Breeze JS has an EntityManager that queries entities from the server, keeps them in cache, keeps track of the state of each entity, and saves the changes to the server when requested.
Breeze Sequelize (breeze-sequelize) is a server-side library that works with Sequelize to manage persistence for Breeze client applications. It turns Breeze queries into Sequelize queries, and saves changes to the database using Sequelize.
The Breeze server is designed to be stateless. No long-running transactions, detached objects, or persistent connections are required. Entity state is kept on the client, not the server.
Breeze clients do not require a Breeze server; for example, BreezeJS will also work with existing RESTful APIs. The full power of Breeze comes with supporting the three types of client-server communication.
Breeze client applications make three basic kinds of AJAX calls:
The breeze-sequelize npm package provides a server side framework for translating the results of the breeze query and save HTTP calls into operations against any backend database supported by the node ‘Sequelize’ library.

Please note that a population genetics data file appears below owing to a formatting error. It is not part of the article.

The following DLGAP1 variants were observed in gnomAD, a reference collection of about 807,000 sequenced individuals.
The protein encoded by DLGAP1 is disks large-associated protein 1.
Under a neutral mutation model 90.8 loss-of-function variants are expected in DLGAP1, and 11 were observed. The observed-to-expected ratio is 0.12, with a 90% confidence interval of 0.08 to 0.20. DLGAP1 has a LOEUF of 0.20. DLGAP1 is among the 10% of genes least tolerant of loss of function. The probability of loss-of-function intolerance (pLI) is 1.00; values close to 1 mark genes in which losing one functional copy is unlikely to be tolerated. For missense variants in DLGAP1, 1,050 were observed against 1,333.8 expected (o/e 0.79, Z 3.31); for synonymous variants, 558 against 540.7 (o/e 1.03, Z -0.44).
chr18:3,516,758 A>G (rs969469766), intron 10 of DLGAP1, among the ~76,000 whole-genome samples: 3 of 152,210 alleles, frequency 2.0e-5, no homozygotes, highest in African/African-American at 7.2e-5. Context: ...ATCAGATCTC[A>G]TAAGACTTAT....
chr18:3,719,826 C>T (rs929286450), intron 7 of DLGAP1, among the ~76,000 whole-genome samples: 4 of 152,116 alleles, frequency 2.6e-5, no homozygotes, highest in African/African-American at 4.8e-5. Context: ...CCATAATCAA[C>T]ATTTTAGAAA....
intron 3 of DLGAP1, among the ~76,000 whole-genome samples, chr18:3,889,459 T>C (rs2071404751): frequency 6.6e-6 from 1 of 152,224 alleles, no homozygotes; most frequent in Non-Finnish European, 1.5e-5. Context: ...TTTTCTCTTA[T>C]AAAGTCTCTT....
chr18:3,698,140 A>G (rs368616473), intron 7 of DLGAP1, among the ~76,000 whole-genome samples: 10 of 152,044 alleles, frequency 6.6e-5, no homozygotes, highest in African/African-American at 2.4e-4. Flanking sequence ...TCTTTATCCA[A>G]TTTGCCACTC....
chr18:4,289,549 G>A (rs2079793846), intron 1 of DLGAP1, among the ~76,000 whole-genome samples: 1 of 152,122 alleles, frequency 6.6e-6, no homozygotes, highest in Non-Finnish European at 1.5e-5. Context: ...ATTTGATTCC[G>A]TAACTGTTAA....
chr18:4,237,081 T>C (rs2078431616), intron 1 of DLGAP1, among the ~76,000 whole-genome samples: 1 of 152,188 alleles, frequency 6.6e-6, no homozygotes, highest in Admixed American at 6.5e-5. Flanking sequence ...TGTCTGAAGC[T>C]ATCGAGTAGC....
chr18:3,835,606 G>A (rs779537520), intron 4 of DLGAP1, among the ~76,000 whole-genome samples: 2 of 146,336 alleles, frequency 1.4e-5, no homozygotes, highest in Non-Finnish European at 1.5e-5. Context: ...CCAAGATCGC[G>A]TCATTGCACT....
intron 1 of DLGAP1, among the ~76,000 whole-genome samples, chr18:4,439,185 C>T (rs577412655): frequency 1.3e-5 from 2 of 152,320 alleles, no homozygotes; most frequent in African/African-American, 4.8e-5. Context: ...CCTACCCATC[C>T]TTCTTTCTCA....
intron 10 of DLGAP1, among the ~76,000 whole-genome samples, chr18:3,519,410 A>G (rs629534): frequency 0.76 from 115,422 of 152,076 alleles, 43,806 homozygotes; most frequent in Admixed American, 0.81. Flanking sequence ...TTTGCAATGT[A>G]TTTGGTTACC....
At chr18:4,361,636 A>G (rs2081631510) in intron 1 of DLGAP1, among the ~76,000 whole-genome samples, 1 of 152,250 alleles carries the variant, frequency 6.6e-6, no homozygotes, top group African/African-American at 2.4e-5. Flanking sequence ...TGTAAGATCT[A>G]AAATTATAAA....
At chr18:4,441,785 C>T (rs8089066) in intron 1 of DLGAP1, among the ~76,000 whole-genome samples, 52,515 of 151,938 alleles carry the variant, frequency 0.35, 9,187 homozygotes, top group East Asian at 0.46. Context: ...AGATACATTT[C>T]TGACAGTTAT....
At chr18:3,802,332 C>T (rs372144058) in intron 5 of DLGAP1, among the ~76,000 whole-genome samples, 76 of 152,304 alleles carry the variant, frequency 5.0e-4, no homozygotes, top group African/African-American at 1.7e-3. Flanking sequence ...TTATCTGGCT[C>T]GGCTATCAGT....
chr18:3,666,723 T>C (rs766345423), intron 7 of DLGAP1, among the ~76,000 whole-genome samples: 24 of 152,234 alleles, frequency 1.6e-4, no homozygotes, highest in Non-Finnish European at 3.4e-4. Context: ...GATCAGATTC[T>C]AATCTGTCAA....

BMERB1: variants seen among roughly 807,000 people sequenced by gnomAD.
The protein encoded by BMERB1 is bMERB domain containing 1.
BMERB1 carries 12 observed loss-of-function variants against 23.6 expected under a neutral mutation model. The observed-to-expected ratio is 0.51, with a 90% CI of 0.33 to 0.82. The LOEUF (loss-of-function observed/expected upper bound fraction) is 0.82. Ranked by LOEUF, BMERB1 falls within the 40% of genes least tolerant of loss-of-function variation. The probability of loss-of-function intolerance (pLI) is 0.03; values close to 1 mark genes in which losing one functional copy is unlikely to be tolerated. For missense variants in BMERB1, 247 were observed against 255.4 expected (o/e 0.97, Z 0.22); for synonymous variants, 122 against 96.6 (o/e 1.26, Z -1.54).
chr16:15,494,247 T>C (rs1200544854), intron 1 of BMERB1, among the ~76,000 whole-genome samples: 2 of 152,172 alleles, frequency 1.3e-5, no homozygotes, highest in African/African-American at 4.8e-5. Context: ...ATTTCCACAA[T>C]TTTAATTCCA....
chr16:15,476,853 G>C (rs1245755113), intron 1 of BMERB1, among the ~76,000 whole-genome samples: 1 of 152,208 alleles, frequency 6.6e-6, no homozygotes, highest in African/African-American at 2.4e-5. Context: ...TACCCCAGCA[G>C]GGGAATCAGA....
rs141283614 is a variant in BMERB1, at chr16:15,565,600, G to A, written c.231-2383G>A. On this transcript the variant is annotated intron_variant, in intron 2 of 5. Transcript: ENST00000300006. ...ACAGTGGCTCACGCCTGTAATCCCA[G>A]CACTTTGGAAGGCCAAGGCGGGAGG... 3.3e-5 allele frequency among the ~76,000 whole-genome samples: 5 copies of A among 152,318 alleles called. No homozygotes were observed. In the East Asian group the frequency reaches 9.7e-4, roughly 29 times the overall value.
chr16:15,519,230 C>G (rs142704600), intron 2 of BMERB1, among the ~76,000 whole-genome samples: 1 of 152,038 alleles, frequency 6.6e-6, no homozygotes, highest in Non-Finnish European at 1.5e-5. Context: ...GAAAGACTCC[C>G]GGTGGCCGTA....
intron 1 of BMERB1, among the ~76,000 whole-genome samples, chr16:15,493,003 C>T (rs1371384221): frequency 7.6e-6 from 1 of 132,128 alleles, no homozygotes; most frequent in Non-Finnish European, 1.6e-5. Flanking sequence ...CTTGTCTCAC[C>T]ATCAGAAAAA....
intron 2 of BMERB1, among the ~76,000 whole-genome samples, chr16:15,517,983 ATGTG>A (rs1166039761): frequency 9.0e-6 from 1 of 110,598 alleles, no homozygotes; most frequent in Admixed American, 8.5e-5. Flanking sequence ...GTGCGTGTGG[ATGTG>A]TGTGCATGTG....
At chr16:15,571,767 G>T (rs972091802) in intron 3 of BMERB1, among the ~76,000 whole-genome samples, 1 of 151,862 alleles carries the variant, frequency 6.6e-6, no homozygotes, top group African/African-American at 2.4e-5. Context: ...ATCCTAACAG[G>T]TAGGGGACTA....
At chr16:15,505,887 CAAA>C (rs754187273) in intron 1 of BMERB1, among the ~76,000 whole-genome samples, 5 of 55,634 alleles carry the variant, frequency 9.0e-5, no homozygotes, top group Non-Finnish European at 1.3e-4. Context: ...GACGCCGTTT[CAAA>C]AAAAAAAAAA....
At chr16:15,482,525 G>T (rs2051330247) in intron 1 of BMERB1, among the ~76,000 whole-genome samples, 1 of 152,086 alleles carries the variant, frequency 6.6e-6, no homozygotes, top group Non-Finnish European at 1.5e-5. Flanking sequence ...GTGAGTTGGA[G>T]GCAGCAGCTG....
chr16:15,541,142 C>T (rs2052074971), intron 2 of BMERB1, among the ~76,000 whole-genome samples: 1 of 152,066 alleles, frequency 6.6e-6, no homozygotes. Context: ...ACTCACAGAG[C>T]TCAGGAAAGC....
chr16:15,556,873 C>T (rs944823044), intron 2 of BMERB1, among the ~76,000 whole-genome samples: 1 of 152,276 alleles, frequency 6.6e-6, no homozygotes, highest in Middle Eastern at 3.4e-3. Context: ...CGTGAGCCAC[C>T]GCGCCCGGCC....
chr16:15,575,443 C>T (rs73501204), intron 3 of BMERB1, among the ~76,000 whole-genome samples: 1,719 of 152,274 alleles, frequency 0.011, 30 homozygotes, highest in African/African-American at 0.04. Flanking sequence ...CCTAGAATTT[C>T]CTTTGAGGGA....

The node ‘Sequelize’ library is described on github as follows
Note that In order to use the ‘breeze-sequelize’ library, you do NOT need to interact directly with ‘Sequelize’, so knowledge of how to query or save with ‘Sequelize’ is not actually necessary, but might be helpful.
var breezeSequelize = require("breeze-sequelize");
Additional libraries ( not actually required but useful for certain operations)
var Sequelize = require('sequelize'); // The actual 'sequelize' library used by 'breeze-sequelize' var Promise = require('bluebird'); // The Promise implementation used by 'breeze-sequelize'
The Breeze Sequelize server only understands the JSON format, so you’ll need to configure the client: